High and increasing prevalence of SARS-CoV-2 swab positivity in England during end September beginning October 2020: REACT-1 round 5 updated report
Riley S., Ainslie K., Eales O., Walters C., Wang H., Atchison C., Fronterre C., Diggle P., Ashby D., Donnelly C., Cooke G., Barclay W., Ward H., Darzi A., Elliott P.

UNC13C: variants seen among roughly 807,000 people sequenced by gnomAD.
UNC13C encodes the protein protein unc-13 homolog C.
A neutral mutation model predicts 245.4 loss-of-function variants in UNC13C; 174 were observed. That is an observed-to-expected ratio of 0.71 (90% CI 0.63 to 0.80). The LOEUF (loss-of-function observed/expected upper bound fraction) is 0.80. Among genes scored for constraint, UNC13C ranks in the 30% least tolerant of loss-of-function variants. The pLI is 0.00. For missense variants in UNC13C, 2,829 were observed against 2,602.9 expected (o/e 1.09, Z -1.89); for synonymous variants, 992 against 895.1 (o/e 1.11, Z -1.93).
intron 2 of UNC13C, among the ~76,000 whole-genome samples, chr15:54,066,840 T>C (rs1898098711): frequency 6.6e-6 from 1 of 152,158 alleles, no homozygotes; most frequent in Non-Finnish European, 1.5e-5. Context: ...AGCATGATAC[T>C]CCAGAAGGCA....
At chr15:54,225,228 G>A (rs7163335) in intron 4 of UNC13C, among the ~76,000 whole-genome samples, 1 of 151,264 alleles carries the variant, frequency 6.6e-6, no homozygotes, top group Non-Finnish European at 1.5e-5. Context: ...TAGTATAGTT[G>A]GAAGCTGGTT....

Abstract Background REACT-1 is quantifying prevalence of SARS-CoV-2 infection among random samples of the population in England based on PCR testing of self-administered nose and throat swabs. Here we report results from the fifth round of observations for swabs collected from the 18th September to 5th October 2020. This report updates and should be read alongside our round 5 interim report. Methods Representative samples of the population aged 5 years and over in England with sample size ranging from 120,000 to 175,000 people at each round. Prevalence of PCR-confirmed SARS-CoV-2 infection, estimation of reproduction number (R) and time trends between and within rounds using exponential growth or decay models. Results 175,000 volunteers tested across England between 18th September and 5th October. Findings show a national prevalence of 0.60% (95% confidence interval 0.55%, 0.71%) and doubling of the virus every 29 (17, 84) days in England corresponding to an estimated national R of 1.16 (1.05, 1.27). These results correspond to 1 in 170 people currently swab-positive for the virus and approximately 45,000 new infections each day. At regional level, the highest prevalence is in the North West, Yorkshire and The Humber and the North East with strongest regional growth in North West, Yorkshire and The Humber and West Midlands. Conclusion Rapid growth has led to high prevalence of SARS-CoV-2 virus in England, with highest rates in the North of England. Prevalence has increased in all age groups, including those at highest risk. Improved compliance with existing policy and, as necessary, additional interventions are required to control the spread of SARS-CoV-2 in the community and limit the numbers of hospital admissions and deaths from COVID-19.